Study: 30% of remote workers in South-East wish to start their own business

Three in four remote workers surveyed are saving at least an hour, and 24% are saving three hours a day, by remote working

KILKENNY

Alan Quirke

Around 30% of people who are currently remote working are interested in developing their own business, according to a new study of 904 remote workers in this region carried out by the South-East local authorities and their Local Enterprise Offices, in partnership with Enterprise Ireland and the Ireland South East Development Office.

In Kilkenny, responders were highly educated with over 40% indicating degree qualification, and a further 36% at Master or post graduate level. Kilkenny offers a vibrant city life and equally offers the options of rural living, with little commuting time into the city hubs. This can be particularly attractive for remote workers returning from urban cities abroad.

“A strong start-up economy is absolutely vital to the future of Ireland’s regions and we look forward to working with the Local Enterprise Offices to support these individuals in realising their business vision," says Enterprise Ireland regional director Martin Corkery.

“The South-East has become a prime nurturing environment for start-up activity with many examples of indigenous entrepreneurs inspiring others from across the country that they too can start and scale successfully in the South-East.”

The study reveals almost three in four remote workers surveyed in the South East are saving at least an hour a day, and 24% are saving at least three hours a day, by remote working.

“The South-East provides many unique options for remote workers depending on their needs and tops the poll when it comes to offering work / life balance," said Kathleen Holohan, Chief Executive of Carlow County Council.

"The South East region offers lower housing and childcare costs, rural/coastal lifestyles with great transport infrastructure."

"Most businesses, individuals and households have been affected significantly by a change of working conditions since the beginning of the Covid-19 pandemic. As we look with hope towards the re-opening of our country and economy this study has given clear insights into the opportunity for remote workers in the South East through the development of a hub network supported by Enterprise Ireland , the South East Local Enterprise Office network and the South East Development Office. It also demonstrated the opportunity to provide start-up supports and training to these individuals that will foster a thriving start-up culture in the region."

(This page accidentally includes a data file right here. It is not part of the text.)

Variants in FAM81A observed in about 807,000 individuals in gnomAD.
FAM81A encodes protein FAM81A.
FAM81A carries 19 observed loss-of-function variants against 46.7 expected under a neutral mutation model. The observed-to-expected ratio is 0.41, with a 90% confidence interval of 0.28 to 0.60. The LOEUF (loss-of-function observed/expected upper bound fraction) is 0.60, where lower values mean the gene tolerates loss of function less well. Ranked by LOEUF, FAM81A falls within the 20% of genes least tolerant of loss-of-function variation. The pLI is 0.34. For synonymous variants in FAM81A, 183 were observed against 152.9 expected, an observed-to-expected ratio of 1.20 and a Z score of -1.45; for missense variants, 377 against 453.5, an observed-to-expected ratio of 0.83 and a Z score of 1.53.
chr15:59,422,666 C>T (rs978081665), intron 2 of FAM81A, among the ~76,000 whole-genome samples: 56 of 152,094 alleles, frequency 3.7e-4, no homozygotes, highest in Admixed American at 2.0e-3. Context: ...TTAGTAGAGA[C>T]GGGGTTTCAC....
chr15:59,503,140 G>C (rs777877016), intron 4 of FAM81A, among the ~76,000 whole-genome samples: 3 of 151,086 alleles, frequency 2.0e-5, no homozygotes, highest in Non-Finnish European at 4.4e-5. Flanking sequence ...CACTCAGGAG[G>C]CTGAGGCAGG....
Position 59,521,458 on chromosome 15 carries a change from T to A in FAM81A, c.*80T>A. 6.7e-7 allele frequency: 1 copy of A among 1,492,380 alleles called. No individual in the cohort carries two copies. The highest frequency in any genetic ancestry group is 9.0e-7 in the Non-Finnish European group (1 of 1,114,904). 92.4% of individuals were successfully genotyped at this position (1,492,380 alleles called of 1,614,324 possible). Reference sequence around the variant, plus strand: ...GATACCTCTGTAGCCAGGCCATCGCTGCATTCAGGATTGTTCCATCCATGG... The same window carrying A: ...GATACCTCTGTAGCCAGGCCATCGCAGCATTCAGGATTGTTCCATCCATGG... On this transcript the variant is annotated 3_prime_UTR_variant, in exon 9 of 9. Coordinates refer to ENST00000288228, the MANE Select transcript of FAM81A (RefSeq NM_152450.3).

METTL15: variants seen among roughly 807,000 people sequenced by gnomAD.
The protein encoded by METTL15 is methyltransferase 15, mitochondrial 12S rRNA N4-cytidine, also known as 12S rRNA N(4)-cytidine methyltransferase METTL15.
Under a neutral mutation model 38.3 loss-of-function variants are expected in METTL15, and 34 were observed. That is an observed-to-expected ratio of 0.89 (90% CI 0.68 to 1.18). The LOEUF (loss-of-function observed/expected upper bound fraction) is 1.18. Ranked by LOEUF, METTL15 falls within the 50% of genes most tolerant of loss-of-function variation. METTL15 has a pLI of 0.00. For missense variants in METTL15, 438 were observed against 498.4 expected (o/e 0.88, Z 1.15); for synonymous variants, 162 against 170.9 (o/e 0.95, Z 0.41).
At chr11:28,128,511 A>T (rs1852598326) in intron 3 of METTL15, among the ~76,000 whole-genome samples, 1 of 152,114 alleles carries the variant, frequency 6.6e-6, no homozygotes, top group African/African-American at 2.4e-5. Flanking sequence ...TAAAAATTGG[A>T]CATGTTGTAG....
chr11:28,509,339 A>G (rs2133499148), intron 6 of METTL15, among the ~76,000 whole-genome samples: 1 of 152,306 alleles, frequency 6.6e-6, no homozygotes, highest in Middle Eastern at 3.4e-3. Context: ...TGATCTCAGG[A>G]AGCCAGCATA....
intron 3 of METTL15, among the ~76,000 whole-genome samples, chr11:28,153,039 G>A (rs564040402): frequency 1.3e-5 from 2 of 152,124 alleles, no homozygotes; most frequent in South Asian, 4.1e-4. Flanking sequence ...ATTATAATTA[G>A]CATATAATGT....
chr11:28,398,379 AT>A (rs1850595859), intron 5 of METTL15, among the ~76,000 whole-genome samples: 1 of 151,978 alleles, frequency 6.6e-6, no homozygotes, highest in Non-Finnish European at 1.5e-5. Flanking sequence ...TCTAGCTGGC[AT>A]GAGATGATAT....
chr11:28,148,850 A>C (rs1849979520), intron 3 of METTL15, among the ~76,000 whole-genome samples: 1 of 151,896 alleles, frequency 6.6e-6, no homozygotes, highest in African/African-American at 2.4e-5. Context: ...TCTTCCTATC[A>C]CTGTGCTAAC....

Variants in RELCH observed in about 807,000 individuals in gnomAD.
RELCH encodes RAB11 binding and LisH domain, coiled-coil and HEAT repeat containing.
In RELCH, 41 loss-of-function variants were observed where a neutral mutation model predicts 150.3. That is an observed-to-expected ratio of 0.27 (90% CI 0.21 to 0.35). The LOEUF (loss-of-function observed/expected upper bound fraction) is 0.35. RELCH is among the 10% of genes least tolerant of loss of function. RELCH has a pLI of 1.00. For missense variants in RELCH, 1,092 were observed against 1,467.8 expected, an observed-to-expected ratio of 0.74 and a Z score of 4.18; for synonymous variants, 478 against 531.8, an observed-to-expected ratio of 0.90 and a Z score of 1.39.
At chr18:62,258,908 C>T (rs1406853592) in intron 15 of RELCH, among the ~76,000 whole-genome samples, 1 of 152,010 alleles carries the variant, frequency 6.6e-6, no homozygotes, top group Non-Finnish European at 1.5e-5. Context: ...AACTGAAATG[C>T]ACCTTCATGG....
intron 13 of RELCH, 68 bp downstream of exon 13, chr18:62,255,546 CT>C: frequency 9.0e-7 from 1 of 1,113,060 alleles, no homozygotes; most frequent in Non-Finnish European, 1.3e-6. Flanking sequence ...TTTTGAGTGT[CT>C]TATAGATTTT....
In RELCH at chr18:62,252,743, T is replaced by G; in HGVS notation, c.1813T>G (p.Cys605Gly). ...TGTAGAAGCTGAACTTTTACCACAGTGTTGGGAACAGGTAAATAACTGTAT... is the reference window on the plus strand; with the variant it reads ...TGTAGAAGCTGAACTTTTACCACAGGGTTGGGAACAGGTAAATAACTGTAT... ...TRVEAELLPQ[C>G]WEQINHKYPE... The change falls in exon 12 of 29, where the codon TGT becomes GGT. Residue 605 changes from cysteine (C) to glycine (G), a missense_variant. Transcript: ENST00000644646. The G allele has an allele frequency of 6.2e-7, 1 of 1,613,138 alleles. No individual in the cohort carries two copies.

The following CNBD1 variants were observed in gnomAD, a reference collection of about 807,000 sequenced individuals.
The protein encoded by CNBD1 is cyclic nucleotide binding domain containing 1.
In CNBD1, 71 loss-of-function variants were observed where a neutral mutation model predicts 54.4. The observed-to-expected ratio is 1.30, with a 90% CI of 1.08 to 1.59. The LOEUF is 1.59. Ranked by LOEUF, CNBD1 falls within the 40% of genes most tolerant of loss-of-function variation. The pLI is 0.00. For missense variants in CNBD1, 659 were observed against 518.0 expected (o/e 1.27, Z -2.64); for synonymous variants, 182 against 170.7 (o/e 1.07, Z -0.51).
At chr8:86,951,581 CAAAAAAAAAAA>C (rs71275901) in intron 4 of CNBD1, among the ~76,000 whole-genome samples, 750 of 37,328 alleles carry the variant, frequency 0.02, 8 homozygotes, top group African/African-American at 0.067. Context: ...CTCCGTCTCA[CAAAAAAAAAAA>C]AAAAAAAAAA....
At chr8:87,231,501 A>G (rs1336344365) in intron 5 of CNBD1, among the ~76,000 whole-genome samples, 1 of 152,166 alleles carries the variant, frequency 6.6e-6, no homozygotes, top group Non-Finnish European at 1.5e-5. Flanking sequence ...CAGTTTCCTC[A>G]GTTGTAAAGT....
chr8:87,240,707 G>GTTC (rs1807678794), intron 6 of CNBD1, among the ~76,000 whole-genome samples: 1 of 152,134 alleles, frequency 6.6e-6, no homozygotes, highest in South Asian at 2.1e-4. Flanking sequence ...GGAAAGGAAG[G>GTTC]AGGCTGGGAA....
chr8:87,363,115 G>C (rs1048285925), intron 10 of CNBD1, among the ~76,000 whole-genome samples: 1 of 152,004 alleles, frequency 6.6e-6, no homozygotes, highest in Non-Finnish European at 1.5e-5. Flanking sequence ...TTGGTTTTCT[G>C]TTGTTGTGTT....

The key findings of the survey include:

The South East has an opportunity to be a hub for new innovative start-up supports for the new remote worker community as over 30% of respondents are interested in starting or developing their own business.
The South East has an opportunity to work with the current hubs in the various strategic locations and develop new solutions for remote working and enterprise development.
The development of hybrid working models will accelerate the achievement of the green agenda for the South East with the potential for significantly less people commuting than in the pre-Covid Era.

"The South-East region has numerous advantages to offer when it comes to remote working and this study provides a solid foundation to guide future policy development and implementation to the benefit of all remote workers in the South East," says Alan Quirke, Director, Ireland South East Development Office.

This includes, for example, the benefit remote working provides for the green economy through the reduction of commuting time which can also attract more remote workers by providing an improved work / life balance which in turn would bring a renewed vitality to the region.

Remote working offers employers a wider choice in facilitating the right person to work for their organisation from a location of their choice. This trend presents an opportunity for the South East’s Towns and Villages to market themselves as an attractive place to live.

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